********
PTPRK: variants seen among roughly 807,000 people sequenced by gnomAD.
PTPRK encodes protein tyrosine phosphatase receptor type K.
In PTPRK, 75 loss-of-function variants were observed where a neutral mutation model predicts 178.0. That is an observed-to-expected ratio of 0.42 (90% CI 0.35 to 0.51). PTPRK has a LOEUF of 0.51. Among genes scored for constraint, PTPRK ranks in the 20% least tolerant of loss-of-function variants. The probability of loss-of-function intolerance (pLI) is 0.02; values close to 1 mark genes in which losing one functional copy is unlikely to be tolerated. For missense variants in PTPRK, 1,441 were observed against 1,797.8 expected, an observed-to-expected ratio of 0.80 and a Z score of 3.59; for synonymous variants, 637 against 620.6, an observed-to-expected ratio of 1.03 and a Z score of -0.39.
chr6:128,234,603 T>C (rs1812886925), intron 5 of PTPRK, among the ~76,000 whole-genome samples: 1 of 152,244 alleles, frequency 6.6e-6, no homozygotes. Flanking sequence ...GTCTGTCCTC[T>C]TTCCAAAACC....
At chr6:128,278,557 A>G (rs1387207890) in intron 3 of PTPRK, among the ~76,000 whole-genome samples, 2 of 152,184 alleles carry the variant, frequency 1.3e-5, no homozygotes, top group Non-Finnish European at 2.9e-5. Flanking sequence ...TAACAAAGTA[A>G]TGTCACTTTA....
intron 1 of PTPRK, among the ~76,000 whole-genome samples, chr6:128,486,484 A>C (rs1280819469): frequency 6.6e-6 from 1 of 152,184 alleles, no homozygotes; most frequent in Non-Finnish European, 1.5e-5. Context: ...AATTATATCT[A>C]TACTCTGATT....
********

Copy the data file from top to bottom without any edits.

PTPRK: variants seen among roughly 807,000 people sequenced by gnomAD.
PTPRK encodes protein tyrosine phosphatase receptor type K.
In PTPRK, 75 loss-of-function variants were observed where a neutral mutation model predicts 178.0. That is an observed-to-expected ratio of 0.42 (90% CI 0.35 to 0.51). PTPRK has a LOEUF of 0.51. Among genes scored for constraint, PTPRK ranks in the 20% least tolerant of loss-of-function variants. The probability of loss-of-function intolerance (pLI) is 0.02; values close to 1 mark genes in which losing one functional copy is unlikely to be tolerated. For missense variants in PTPRK, 1,441 were observed against 1,797.8 expected, an observed-to-expected ratio of 0.80 and a Z score of 3.59; for synonymous variants, 637 against 620.6, an observed-to-expected ratio of 1.03 and a Z score of -0.39.
chr6:128,234,603 T>C (rs1812886925), intron 5 of PTPRK, among the ~76,000 whole-genome samples: 1 of 152,244 alleles, frequency 6.6e-6, no homozygotes. Flanking sequence ...GTCTGTCCTC[T>C]TTCCAAAACC....
At chr6:128,278,557 A>G (rs1387207890) in intron 3 of PTPRK, among the ~76,000 whole-genome samples, 2 of 152,184 alleles carry the variant, frequency 1.3e-5, no homozygotes, top group Non-Finnish European at 2.9e-5. Flanking sequence ...TAACAAAGTA[A>G]TGTCACTTTA....
intron 1 of PTPRK, among the ~76,000 whole-genome samples, chr6:128,486,484 A>C (rs1280819469): frequency 6.6e-6 from 1 of 152,184 alleles, no homozygotes; most frequent in Non-Finnish European, 1.5e-5. Context: ...AATTATATCT[A>C]TACTCTGATT....